first_imgSome very exciting news has arrived from across the pond! The hit musical Six is slated to become the first West End musical to reopen since theaters shut down as a result of the coronavirus pandemic. Six has company: Nimax Theatres plans to reopen all six of its West End venues, including the Apollo, Duchess, Garrick, Lyric, Palace and Vaudeville Theatres, beginning this fall.“On the six-month anniversary of the last performance in the West End I am delighted to announce that we will be switching on all our lights and re-opening with a special season of fantastic entertainment,” Nimax Chief Executive Nica Burns said in a statement.First up will Adam Kay’s This Is Going to Hurt, which focuses on his time as a doctor in Britain’s National Health Service (NHS). It will play the Apollo Theatre, home to the musical Everbody’s Talking About Jamie, beginning on October 23 through November 8. There will be a free show for NHS staff members on October 22. Those interested can apply for tickets on a lottery system here. Six will play nine shows each week and temporarily move from its home at the Arts Theatre to the Lyric Theatre for a limited run from November 14 through January 31, 2021. To maintain social distancing guidelines, the theater will have reduced capacity. All audience members must wear masks.The Play That Goes Wrong at the Duchess Theatre and Magic Goes Wrong at the Vaudeville Theatre are also slated to return this November and December, respectively. Nimax is also working to bring back Harry Potter and the Cursed Child at the Palace Theatre early next year. Details regarding those reopenings will be announced later.Harry Potter and the Cursed Child producer Sonia Friedman noted, “Harry Potter and the Cursed Child will definitely return to the West End once social distancing has ended, the Palace Theatre can safely and viably play to full capacity eight times per week, and we have a government backed insurance scheme. Whist we are desperate to be back as soon as possible, given the sheer scale, expense and complexity of our magical show we will need many months’ notice to reignite our huge production, build a box office advance and give everyone enough time to plan.”As previously announced, the Garrick Theatre will be home to The Drifters Girl musical in 2021. View Commentslast_img read more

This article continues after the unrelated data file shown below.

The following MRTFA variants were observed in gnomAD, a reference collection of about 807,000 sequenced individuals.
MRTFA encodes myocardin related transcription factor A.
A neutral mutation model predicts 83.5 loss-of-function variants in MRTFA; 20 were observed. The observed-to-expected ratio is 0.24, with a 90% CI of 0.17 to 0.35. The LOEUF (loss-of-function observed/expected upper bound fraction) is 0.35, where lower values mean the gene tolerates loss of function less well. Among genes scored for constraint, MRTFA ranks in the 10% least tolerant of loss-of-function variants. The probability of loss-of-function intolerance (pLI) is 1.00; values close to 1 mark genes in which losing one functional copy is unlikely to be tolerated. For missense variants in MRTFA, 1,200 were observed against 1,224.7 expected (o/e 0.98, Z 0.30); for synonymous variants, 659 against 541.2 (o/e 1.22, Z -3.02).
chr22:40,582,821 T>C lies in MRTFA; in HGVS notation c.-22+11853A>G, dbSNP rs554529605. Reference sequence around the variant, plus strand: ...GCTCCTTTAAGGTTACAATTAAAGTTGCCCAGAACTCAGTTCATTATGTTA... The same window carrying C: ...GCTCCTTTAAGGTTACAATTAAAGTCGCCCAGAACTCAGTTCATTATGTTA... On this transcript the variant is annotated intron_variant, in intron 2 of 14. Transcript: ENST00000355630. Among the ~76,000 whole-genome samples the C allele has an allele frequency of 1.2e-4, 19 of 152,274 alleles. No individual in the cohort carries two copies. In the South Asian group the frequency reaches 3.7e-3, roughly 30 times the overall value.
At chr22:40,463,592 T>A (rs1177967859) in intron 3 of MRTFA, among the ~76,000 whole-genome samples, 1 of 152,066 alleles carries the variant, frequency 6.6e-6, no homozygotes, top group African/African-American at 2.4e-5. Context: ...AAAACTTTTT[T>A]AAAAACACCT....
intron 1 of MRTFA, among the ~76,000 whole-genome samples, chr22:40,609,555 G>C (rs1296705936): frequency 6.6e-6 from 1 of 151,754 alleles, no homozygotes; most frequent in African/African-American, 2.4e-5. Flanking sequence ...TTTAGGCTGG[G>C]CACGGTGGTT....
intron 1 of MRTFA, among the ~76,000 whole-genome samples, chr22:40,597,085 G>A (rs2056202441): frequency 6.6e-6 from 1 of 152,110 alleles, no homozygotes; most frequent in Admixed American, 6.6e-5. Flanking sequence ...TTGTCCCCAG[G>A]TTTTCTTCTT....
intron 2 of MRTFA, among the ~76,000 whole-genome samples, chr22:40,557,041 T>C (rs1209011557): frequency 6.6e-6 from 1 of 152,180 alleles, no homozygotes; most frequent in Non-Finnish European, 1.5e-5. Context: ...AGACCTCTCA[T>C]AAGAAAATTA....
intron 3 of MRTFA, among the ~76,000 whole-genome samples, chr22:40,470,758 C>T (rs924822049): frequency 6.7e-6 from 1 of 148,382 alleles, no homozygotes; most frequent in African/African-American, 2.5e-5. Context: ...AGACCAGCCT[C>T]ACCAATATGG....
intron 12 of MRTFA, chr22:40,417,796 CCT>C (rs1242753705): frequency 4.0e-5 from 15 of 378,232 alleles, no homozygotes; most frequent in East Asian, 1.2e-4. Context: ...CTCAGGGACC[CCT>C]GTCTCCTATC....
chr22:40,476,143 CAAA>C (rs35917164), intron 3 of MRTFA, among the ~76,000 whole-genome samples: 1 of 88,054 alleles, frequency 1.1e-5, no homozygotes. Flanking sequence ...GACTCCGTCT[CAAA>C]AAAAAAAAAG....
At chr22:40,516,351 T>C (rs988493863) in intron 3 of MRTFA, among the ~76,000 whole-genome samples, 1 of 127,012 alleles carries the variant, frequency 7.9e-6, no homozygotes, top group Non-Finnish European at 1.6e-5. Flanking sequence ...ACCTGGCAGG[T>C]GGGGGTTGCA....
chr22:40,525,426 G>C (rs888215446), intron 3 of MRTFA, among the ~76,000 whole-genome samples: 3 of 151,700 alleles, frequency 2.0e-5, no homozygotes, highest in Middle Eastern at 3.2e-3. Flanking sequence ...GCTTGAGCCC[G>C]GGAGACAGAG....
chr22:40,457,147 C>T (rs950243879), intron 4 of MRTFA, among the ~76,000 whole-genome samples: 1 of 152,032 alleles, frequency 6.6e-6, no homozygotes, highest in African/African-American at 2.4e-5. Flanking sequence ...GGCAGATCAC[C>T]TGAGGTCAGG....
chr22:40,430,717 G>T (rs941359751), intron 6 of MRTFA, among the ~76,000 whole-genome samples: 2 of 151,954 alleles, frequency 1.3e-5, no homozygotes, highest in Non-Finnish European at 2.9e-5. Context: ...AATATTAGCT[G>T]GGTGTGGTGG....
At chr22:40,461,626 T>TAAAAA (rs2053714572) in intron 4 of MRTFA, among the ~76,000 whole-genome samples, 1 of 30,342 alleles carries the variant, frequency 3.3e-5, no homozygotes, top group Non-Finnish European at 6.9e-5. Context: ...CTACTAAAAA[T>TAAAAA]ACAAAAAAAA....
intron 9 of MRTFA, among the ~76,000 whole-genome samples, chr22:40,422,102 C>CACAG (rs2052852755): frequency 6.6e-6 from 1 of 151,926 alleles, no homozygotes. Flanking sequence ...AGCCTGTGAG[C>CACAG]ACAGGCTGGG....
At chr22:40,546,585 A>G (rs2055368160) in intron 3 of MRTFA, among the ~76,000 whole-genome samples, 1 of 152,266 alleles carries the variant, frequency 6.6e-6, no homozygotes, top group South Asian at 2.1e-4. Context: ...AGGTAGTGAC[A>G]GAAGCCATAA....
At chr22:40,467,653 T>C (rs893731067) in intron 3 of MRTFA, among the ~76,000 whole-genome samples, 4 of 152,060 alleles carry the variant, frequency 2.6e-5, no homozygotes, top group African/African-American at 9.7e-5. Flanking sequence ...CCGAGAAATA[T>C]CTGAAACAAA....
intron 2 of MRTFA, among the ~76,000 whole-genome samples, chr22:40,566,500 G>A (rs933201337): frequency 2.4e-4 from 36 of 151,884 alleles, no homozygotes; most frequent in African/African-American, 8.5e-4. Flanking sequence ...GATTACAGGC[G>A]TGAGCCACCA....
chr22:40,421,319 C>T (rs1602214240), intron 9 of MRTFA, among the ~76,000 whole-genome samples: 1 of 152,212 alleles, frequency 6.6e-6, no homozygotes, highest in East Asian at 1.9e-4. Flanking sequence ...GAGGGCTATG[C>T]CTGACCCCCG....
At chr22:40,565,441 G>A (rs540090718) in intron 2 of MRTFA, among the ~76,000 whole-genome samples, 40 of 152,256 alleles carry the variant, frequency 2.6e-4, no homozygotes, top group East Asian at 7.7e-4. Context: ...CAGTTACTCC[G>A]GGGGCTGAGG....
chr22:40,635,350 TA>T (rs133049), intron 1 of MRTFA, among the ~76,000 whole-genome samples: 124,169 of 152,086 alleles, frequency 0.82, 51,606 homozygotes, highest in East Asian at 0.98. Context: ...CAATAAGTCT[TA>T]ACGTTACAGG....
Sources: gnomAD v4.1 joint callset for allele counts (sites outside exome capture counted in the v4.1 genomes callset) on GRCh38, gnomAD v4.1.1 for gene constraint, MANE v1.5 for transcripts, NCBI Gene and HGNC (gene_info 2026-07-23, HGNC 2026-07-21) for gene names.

Northeast Johnson County morning roundup

first_imgShawnee Mission Health photo via Facebook.Shawnee Mission Health earns five-star rating from Centers for Medicare & Medicaid. Merriam-based Shawnee Mission Health was the only hospital in the Kansas City area to earn a five-star rating from the Centers for Medicare & Medicaid Services. CMS uses data from seven categories, including mortality, patient experience and timeliness, to develop the star rankings. Just 2.2 percent of the 4,600 hospitals included in the survey earned a five-star designation.Ousely calls for resignation of Department of Children and Families secretary. Merriam Rep. Jarrod Ousely and Wichita Rep. Jim Ward on Wednesday called for the resignation of Kansas Department of Children and Families Secretary Phyllis Gilmore after the results of a legislative audit of the department found serious deficiencies. “The findings of the report are chilling,” Ousely said in a release. “Kansas children deserve better. I will continue to fight to fix DCF for the benefit of every child placed in their care.” [State audit: DCF fails to ensure safety of children in foster care — Kansas City Star]Mission police hosting car seat safety check Saturday. Mission police will be on hand at the Mission Farm and Flower Market this Saturday, July 30, to offer free car seat installation inspections between 8 a.m. and noon. To have your seat inspected, make an appointment by calling 913-676-8300 ext. 8857 or emailing the department here.Northeast Johnson County morning roundup is brought to you by Twisted Sisters Coffee Shop on Johnson Drive. For updates on the latest blends and specialty drinks available, follow them on Facebook.last_img read more

Training Can Increase Empathy

first_imgScientific American: Can you train someone to be a nicer person? A recent study using meditation techniques shows that it might be possible. The research is published in the journal Psychological Science. [Helen Y. Weng et al, Compassion Training Alters Altruism and Neural Responses to Suffering]One group of subjects learned to practice what’s called “compassionate meditation” by focusing on a specific person while repeating a phrase like, “May you be free from suffering.”Read the whole story: Scientific Americanlast_img